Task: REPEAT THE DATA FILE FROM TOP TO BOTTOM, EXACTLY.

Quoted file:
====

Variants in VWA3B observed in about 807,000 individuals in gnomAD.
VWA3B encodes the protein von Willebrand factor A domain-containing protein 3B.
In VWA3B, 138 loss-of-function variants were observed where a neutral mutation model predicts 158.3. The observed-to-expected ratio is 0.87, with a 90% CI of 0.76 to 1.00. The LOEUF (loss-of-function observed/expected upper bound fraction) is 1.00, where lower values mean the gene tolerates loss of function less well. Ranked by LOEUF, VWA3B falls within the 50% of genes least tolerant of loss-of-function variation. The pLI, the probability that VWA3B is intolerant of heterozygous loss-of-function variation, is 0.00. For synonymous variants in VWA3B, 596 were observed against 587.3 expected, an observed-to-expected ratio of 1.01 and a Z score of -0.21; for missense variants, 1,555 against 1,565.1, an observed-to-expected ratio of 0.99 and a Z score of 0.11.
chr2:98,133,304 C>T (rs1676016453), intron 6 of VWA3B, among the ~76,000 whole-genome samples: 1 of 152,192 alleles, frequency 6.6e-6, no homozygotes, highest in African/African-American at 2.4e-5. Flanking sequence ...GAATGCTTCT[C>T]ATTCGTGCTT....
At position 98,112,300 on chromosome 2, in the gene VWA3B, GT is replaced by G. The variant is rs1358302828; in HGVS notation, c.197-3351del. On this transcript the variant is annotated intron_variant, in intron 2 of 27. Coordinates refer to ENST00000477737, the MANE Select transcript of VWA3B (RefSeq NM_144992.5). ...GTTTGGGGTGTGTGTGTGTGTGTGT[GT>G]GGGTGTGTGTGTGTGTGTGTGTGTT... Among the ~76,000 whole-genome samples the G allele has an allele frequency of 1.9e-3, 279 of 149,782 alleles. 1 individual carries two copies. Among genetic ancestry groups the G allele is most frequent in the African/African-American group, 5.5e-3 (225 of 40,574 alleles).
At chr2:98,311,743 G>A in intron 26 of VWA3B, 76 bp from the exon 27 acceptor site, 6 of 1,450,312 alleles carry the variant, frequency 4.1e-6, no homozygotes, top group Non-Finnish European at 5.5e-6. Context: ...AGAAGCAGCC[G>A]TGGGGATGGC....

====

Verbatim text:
Variants in VWA3B observed in about 807,000 individuals in gnomAD.
VWA3B encodes the protein von Willebrand factor A domain-containing protein 3B.
In VWA3B, 138 loss-of-function variants were observed where a neutral mutation model predicts 158.3. The observed-to-expected ratio is 0.87, with a 90% CI of 0.76 to 1.00. The LOEUF (loss-of-function observed/expected upper bound fraction) is 1.00, where lower values mean the gene tolerates loss of function less well. Ranked by LOEUF, VWA3B falls within the 50% of genes least tolerant of loss-of-function variation. The pLI, the probability that VWA3B is intolerant of heterozygous loss-of-function variation, is 0.00. For synonymous variants in VWA3B, 596 were observed against 587.3 expected, an observed-to-expected ratio of 1.01 and a Z score of -0.21; for missense variants, 1,555 against 1,565.1, an observed-to-expected ratio of 0.99 and a Z score of 0.11.
chr2:98,133,304 C>T (rs1676016453), intron 6 of VWA3B, among the ~76,000 whole-genome samples: 1 of 152,192 alleles, frequency 6.6e-6, no homozygotes, highest in African/African-American at 2.4e-5. Flanking sequence ...GAATGCTTCT[C>T]ATTCGTGCTT....
At position 98,112,300 on chromosome 2, in the gene VWA3B, GT is replaced by G. The variant is rs1358302828; in HGVS notation, c.197-3351del. On this transcript the variant is annotated intron_variant, in intron 2 of 27. Coordinates refer to ENST00000477737, the MANE Select transcript of VWA3B (RefSeq NM_144992.5). ...GTTTGGGGTGTGTGTGTGTGTGTGT[GT>G]GGGTGTGTGTGTGTGTGTGTGTGTT... Among the ~76,000 whole-genome samples the G allele has an allele frequency of 1.9e-3, 279 of 149,782 alleles. 1 individual carries two copies. Among genetic ancestry groups the G allele is most frequent in the African/African-American group, 5.5e-3 (225 of 40,574 alleles).
At chr2:98,311,743 G>A in intron 26 of VWA3B, 76 bp from the exon 27 acceptor site, 6 of 1,450,312 alleles carry the variant, frequency 4.1e-6, no homozygotes, top group Non-Finnish European at 5.5e-6. Context: ...AGAAGCAGCC[G>A]TGGGGATGGC....